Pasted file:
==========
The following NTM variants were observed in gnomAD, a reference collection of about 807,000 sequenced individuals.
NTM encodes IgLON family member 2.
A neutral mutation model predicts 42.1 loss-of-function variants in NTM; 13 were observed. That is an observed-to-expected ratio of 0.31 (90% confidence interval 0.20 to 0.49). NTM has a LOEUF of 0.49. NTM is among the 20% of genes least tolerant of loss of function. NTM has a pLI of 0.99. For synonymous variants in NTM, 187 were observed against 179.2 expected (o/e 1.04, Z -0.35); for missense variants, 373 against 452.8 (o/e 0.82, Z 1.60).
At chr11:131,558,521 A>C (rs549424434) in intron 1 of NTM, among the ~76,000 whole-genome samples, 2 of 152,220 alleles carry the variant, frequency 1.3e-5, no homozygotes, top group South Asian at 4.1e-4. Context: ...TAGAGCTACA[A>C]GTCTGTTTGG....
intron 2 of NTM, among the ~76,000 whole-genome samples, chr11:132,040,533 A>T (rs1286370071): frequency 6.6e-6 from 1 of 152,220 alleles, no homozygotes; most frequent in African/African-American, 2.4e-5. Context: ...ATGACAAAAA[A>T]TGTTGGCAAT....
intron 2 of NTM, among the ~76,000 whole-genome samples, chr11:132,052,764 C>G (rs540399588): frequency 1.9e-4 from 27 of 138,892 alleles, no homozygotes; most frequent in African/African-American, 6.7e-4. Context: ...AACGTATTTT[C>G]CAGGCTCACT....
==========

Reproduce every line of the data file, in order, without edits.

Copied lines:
The following NTM variants were observed in gnomAD, a reference collection of about 807,000 sequenced individuals.
NTM encodes IgLON family member 2.
A neutral mutation model predicts 42.1 loss-of-function variants in NTM; 13 were observed. That is an observed-to-expected ratio of 0.31 (90% confidence interval 0.20 to 0.49). NTM has a LOEUF of 0.49. NTM is among the 20% of genes least tolerant of loss of function. NTM has a pLI of 0.99. For synonymous variants in NTM, 187 were observed against 179.2 expected (o/e 1.04, Z -0.35); for missense variants, 373 against 452.8 (o/e 0.82, Z 1.60).
At chr11:131,558,521 A>C (rs549424434) in intron 1 of NTM, among the ~76,000 whole-genome samples, 2 of 152,220 alleles carry the variant, frequency 1.3e-5, no homozygotes, top group South Asian at 4.1e-4. Context: ...TAGAGCTACA[A>C]GTCTGTTTGG....
intron 2 of NTM, among the ~76,000 whole-genome samples, chr11:132,040,533 A>T (rs1286370071): frequency 6.6e-6 from 1 of 152,220 alleles, no homozygotes; most frequent in African/African-American, 2.4e-5. Context: ...ATGACAAAAA[A>T]TGTTGGCAAT....
intron 2 of NTM, among the ~76,000 whole-genome samples, chr11:132,052,764 C>G (rs540399588): frequency 1.9e-4 from 27 of 138,892 alleles, no homozygotes; most frequent in African/African-American, 6.7e-4. Context: ...AACGTATTTT[C>G]CAGGCTCACT....